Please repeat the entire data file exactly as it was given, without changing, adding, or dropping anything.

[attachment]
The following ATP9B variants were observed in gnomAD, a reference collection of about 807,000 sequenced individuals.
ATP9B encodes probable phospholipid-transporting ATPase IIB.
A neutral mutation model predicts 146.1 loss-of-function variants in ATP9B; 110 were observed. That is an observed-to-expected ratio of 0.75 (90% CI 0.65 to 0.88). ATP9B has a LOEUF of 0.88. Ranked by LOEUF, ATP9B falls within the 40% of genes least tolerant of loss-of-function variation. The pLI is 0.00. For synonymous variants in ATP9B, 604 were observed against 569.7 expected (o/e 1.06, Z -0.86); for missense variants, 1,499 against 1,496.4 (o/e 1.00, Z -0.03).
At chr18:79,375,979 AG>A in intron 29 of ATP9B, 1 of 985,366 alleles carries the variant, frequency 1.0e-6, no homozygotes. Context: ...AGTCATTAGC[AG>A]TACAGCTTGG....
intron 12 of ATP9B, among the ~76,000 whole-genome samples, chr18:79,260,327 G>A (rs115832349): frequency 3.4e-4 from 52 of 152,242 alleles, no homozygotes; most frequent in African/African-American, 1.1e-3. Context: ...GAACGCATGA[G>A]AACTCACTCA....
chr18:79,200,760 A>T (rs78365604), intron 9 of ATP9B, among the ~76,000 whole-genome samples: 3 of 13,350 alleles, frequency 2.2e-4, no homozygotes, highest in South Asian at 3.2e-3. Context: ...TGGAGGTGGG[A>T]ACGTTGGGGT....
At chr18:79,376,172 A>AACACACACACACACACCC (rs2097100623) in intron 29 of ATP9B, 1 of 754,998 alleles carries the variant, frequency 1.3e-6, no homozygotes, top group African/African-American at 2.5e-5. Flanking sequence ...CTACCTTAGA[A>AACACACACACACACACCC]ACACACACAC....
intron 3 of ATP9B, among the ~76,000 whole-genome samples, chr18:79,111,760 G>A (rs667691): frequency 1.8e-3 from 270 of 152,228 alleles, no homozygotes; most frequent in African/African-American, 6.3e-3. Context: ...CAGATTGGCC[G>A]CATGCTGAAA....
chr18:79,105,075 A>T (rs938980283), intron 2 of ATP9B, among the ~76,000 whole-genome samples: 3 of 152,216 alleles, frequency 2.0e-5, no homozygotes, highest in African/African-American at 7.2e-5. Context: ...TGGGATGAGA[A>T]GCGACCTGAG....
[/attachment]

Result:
The following ATP9B variants were observed in gnomAD, a reference collection of about 807,000 sequenced individuals.
ATP9B encodes probable phospholipid-transporting ATPase IIB.
A neutral mutation model predicts 146.1 loss-of-function variants in ATP9B; 110 were observed. That is an observed-to-expected ratio of 0.75 (90% CI 0.65 to 0.88). ATP9B has a LOEUF of 0.88. Ranked by LOEUF, ATP9B falls within the 40% of genes least tolerant of loss-of-function variation. The pLI is 0.00. For synonymous variants in ATP9B, 604 were observed against 569.7 expected (o/e 1.06, Z -0.86); for missense variants, 1,499 against 1,496.4 (o/e 1.00, Z -0.03).
At chr18:79,375,979 AG>A in intron 29 of ATP9B, 1 of 985,366 alleles carries the variant, frequency 1.0e-6, no homozygotes. Context: ...AGTCATTAGC[AG>A]TACAGCTTGG....
intron 12 of ATP9B, among the ~76,000 whole-genome samples, chr18:79,260,327 G>A (rs115832349): frequency 3.4e-4 from 52 of 152,242 alleles, no homozygotes; most frequent in African/African-American, 1.1e-3. Context: ...GAACGCATGA[G>A]AACTCACTCA....
chr18:79,200,760 A>T (rs78365604), intron 9 of ATP9B, among the ~76,000 whole-genome samples: 3 of 13,350 alleles, frequency 2.2e-4, no homozygotes, highest in South Asian at 3.2e-3. Context: ...TGGAGGTGGG[A>T]ACGTTGGGGT....
At chr18:79,376,172 A>AACACACACACACACACCC (rs2097100623) in intron 29 of ATP9B, 1 of 754,998 alleles carries the variant, frequency 1.3e-6, no homozygotes, top group African/African-American at 2.5e-5. Flanking sequence ...CTACCTTAGA[A>AACACACACACACACACCC]ACACACACAC....
intron 3 of ATP9B, among the ~76,000 whole-genome samples, chr18:79,111,760 G>A (rs667691): frequency 1.8e-3 from 270 of 152,228 alleles, no homozygotes; most frequent in African/African-American, 6.3e-3. Context: ...CAGATTGGCC[G>A]CATGCTGAAA....
chr18:79,105,075 A>T (rs938980283), intron 2 of ATP9B, among the ~76,000 whole-genome samples: 3 of 152,216 alleles, frequency 2.0e-5, no homozygotes, highest in African/African-American at 7.2e-5. Context: ...TGGGATGAGA[A>T]GCGACCTGAG....